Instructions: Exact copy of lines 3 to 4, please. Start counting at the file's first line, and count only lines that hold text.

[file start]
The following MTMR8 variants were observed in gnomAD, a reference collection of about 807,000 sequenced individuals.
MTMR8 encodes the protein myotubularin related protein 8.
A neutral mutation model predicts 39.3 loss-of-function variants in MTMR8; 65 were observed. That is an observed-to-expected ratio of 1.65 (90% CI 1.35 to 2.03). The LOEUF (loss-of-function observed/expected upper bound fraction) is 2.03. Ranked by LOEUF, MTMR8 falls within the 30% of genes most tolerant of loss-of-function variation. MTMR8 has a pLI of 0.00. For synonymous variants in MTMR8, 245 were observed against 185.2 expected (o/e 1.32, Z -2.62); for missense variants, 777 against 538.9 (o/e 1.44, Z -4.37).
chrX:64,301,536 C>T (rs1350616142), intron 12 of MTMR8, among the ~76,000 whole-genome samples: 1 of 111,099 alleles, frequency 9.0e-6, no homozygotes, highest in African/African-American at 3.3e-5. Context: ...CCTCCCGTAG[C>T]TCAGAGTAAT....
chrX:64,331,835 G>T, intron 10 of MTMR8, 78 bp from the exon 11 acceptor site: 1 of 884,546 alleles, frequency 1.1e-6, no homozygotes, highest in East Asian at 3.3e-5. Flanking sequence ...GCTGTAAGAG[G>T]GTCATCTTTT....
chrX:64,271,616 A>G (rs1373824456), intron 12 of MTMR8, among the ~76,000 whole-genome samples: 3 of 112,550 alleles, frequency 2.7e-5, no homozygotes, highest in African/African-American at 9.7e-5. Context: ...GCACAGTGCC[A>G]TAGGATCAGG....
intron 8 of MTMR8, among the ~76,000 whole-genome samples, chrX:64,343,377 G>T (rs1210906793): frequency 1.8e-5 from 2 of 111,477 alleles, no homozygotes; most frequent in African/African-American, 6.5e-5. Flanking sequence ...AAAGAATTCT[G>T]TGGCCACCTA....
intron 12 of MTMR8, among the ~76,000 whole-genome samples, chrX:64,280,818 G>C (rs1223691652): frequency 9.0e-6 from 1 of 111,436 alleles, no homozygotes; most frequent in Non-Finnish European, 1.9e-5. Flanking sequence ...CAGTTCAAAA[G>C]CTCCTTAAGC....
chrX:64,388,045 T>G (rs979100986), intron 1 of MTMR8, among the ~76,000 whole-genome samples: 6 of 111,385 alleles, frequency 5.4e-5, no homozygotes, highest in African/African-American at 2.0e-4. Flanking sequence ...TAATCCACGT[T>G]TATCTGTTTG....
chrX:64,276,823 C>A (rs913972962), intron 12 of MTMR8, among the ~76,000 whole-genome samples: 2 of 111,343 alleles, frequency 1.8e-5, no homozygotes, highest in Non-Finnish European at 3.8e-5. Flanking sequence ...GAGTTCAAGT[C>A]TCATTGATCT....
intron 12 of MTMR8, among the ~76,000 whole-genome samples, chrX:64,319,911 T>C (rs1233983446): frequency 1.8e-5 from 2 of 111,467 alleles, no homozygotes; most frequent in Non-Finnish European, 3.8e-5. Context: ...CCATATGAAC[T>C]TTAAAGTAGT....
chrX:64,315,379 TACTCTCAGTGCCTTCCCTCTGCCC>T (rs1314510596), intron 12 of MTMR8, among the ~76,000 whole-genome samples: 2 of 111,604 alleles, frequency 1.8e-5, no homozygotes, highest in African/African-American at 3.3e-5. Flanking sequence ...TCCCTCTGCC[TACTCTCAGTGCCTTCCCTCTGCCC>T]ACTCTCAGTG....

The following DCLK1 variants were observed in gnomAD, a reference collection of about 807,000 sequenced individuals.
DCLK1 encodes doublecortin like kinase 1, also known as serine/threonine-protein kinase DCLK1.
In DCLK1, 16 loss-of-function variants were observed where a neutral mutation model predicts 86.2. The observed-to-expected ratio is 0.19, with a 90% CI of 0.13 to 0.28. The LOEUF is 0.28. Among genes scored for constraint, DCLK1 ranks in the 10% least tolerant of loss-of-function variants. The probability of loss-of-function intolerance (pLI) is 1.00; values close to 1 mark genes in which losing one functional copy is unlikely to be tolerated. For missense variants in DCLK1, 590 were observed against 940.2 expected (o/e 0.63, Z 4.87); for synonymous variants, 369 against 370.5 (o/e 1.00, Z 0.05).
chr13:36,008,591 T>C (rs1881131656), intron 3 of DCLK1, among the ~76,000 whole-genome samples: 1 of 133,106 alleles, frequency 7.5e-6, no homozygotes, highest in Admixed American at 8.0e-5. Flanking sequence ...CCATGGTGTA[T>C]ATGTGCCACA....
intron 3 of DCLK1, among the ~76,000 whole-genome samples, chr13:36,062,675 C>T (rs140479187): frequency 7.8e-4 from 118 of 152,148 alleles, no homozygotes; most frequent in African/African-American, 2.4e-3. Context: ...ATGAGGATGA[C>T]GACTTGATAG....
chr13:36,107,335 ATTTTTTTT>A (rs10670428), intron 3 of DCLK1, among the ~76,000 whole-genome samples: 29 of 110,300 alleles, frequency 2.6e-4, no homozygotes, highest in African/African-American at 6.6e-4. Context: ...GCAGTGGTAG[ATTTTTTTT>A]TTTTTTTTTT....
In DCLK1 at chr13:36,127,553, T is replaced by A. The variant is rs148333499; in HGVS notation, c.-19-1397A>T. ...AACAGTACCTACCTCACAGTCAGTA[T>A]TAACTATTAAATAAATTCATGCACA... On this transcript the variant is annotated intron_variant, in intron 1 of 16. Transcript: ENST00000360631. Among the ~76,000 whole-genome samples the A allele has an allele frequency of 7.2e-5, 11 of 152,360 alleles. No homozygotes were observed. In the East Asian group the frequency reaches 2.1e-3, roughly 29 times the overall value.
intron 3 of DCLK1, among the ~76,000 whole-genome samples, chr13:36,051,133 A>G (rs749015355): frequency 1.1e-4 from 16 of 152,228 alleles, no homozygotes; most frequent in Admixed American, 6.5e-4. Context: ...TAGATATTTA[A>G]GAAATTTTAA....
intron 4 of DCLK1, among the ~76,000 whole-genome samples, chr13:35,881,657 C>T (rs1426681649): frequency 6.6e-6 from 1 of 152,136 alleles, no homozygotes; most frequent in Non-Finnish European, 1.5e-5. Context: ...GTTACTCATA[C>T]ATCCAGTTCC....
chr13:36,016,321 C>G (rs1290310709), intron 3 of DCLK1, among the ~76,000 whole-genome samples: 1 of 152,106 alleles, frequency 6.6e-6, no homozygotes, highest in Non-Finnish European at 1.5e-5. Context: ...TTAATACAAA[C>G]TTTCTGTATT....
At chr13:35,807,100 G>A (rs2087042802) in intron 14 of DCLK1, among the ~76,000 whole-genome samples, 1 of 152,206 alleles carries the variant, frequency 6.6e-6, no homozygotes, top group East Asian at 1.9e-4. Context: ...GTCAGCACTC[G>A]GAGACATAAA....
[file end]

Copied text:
A neutral mutation model predicts 39.3 loss-of-function variants in MTMR8; 65 were observed. That is an observed-to-expected ratio of 1.65 (90% CI 1.35 to 2.03). The LOEUF (loss-of-function observed/expected upper bound fraction) is 2.03. Ranked by LOEUF, MTMR8 falls within the 30% of genes most tolerant of loss-of-function variation. MTMR8 has a pLI of 0.00. For synonymous variants in MTMR8, 245 were observed against 185.2 expected (o/e 1.32, Z -2.62); for missense variants, 777 against 538.9 (o/e 1.44, Z -4.37).
chrX:64,301,536 C>T (rs1350616142), intron 12 of MTMR8, among the ~76,000 whole-genome samples: 1 of 111,099 alleles, frequency 9.0e-6, no homozygotes, highest in African/African-American at 3.3e-5. Context: ...CCTCCCGTAG[C>T]TCAGAGTAAT....